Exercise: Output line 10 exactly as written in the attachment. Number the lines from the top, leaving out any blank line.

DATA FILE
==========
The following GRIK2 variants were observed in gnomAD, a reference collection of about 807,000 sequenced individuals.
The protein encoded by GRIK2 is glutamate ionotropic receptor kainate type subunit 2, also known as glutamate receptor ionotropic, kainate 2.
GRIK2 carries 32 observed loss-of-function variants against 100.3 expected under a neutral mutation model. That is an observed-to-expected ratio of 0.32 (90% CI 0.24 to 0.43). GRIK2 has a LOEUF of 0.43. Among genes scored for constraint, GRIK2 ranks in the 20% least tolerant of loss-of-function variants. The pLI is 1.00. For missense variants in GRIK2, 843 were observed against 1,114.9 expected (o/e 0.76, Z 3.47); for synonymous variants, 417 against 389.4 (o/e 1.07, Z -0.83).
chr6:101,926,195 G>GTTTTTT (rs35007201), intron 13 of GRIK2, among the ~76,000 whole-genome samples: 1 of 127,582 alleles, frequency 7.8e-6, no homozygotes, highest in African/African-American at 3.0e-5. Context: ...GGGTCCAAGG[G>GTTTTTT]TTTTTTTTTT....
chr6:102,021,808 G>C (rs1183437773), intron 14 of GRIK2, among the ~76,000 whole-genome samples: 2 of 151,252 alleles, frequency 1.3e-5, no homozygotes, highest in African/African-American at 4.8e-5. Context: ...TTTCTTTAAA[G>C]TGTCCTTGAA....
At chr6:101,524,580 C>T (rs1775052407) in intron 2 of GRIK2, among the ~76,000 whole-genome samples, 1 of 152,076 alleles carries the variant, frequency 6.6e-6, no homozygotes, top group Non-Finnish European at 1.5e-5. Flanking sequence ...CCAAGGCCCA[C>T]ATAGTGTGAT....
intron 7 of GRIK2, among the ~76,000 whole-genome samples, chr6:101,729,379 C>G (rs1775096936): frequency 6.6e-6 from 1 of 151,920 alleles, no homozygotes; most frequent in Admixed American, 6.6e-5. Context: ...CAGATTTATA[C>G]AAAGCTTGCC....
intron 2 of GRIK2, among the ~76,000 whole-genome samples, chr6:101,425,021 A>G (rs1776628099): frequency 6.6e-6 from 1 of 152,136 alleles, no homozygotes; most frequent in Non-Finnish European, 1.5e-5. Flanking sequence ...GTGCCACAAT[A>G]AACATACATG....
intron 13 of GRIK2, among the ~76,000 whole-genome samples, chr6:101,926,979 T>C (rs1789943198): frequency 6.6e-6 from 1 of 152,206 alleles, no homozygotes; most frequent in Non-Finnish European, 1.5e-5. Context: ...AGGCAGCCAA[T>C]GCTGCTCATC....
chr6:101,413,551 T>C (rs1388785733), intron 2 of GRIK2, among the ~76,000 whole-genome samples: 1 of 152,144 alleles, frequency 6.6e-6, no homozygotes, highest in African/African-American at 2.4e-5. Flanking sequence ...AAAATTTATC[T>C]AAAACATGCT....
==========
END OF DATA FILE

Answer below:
chr6:101,413,551 T>C (rs1388785733), intron 2 of GRIK2, among the ~76,000 whole-genome samples: 1 of 152,144 alleles, frequency 6.6e-6, no homozygotes, highest in African/African-American at 2.4e-5. Flanking sequence ...AAAATTTATC[T>C]AAAACATGCT....